On every Monday night until December, Doc Films shows another film in their Cinema of Childhood series. While the programming so far has been full of great films, it is the double bill showing on Monday, November 10, that showcases some of the purest and simplest expression of childhood on film: Albert Lamorisse’s two short films The Red Balloon (1957) and White Mane (1953).
In The Red Balloon, a young boy finds a large red balloon while walking to school one day. Although he initially walks with the balloon’s string in his hand, the boy discovers that the balloon has a life of its own, choosing to follow the boy unattached, jump out of reach of meddling schoolteachers, and wait patiently outside the boy’s apartment when his mother throws the balloon out. Unfortunately, such an extraordinary balloon quickly attracts the attention of the boy’s classmates, who steal it and attempt to pop it with slingshots.
The film unfolds with very little dialogue, only the occasional command from the boy to the balloon (“Be good” or “Wait for me here”). Instead, it mostly consists of the boy silently walking around the streets of Paris, balloon close behind. Occasionally the boy will stop, at which point the balloon becomes playful, hiding in doorways and floating just above the boy’s head, making him jump and reach for it.
Therefore, as tends to happen with simplicity, there appears to be a desire among viewers to discover what it all means. A Google search for The Red Balloon yields suggestions like “Red Balloon meaning” or “Red Balloon symbolism” that turn up pages of complicated analysis. One critic has even interpreted the entire story as Christian allegory.
However, the film most deserves to just be taken at face value, as a lively exploration of childlike imagination. Whether or not we initially believe the balloon can have as much personality as it does, the boy’s own belief is so contagious as to spread outside the film, to convince child and adult viewers alike. As if to illustrate this point, although the schoolteachers are frustrated with the balloon’s refusal to cooperate, there’s a distinct visual match between them jumping for the elusive balloon and the boy doing exactly the same earlier. Whether they like it or not, the balloon has succeeded in reducing them all to children again.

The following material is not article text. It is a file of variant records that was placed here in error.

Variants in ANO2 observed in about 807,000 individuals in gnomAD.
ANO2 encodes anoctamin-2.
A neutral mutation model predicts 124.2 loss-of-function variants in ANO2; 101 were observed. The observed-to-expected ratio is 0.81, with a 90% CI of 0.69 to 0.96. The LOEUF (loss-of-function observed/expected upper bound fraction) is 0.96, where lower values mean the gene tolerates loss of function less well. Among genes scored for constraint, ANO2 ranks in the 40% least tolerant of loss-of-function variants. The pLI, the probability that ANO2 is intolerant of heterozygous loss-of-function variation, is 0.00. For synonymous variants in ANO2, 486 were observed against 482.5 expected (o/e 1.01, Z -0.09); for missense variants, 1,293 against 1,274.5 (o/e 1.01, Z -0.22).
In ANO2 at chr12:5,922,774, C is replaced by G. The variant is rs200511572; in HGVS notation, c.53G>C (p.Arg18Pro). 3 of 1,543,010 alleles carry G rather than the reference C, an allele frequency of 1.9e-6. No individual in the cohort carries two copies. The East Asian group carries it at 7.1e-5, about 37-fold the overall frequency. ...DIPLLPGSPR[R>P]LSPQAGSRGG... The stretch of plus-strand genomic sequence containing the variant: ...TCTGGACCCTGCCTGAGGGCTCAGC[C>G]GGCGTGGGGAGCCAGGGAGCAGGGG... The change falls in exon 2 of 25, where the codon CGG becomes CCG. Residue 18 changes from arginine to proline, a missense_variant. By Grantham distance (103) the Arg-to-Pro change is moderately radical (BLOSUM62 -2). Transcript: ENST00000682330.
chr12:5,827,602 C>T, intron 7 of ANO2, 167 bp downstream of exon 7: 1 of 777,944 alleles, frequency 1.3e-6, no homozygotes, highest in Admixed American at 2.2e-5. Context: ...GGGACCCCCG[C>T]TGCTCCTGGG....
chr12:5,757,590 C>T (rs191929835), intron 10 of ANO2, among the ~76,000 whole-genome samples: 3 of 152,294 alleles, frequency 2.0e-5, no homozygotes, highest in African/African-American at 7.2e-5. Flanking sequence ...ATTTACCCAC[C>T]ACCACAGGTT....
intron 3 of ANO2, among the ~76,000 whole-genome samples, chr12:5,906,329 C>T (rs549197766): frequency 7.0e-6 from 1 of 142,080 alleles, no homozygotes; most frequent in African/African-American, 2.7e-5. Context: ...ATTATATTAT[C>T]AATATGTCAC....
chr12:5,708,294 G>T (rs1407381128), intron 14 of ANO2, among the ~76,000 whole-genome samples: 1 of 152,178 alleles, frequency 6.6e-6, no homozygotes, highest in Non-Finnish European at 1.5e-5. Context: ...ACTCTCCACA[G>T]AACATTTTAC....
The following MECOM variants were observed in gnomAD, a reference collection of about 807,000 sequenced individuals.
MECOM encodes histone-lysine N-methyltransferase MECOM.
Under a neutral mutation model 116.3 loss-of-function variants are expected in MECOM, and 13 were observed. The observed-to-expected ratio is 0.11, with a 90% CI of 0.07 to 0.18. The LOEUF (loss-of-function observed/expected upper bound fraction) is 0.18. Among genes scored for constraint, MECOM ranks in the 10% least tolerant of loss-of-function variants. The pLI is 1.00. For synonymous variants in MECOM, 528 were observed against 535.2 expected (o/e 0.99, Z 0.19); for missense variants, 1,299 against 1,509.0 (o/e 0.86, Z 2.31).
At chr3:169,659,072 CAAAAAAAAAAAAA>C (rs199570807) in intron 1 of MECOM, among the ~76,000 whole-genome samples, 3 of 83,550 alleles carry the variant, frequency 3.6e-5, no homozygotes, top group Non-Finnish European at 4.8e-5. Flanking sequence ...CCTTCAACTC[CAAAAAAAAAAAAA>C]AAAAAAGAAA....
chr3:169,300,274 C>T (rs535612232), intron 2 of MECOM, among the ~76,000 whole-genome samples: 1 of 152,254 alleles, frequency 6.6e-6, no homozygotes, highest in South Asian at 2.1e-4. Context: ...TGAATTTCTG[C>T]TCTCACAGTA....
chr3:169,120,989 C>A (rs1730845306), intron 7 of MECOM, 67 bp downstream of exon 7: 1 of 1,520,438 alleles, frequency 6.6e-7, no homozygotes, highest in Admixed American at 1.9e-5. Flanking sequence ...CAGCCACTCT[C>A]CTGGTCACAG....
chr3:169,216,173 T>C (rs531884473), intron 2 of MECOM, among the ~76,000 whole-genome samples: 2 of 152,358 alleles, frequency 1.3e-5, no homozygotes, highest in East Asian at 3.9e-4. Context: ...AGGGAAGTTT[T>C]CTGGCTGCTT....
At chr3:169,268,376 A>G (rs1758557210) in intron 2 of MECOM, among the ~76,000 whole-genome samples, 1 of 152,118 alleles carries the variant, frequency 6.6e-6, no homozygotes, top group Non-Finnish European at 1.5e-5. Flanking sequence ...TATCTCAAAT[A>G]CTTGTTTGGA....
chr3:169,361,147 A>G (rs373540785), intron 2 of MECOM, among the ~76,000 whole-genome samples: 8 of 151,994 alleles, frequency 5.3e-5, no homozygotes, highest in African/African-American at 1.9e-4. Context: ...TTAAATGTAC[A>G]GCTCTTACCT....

The Red Balloon also casts director Lamorisse’s own son Pascal as the young boy, so there’s a quality of personal home movie that pervades the film. This is not just an attempt to capture “childhood” in general, but an attempt to record Lamorisse’s child with the sense of wonder and love that Lamorrisse sees in him. When the boy meets a young girl with her own blue balloon, who could it be but Lamorisse’s daughter, Sabine?
White Mane, on the other hand, features a much more concrete plot than does The Red Balloon. The titular White Mane is a wild stallion that roams free in the marshes of rural France. Although many wranglers attempt to capture White Mane, only a young fisherman boy named Folco is able to win him over, and the two become friends. However, the wranglers refuse to stop their efforts, leaving Folco to help White Mane escape capture once and for all.
Although White Mane is more plot-driven, the film still retains the sense of quiet simplicity later developed in The Red Balloon. The film does start with a narrator describing White Mane, but it then takes a long time before any characters actually speak in the film. Even then, it happens rarely. Furthermore, the most action-fueled scenes – including the wranglers wrestling White Mane and White Mane fighting a rival horse – occur without words or music, the only soundtrack the pattering of feet on dirt.
As with the young boy and his balloon, the same degree of childhood wonder is explored through Folco and White Mane. The instant Folco sees White Mane, he becomes enamored with the horse. He starts to daydream about walking with White Mane through the marshes, finding a friend in the horse in much the same way the boy finds a friend in the red balloon.
Both White Mane and The Red Balloon make the most out of the moments in childhood that don’t necessarily stir up much drama. When something as simple as a stray balloon or a misunderstood horse can occupy the mind for days. For the boy and Folco, the world is open for exploration, and words are much less important than actions.
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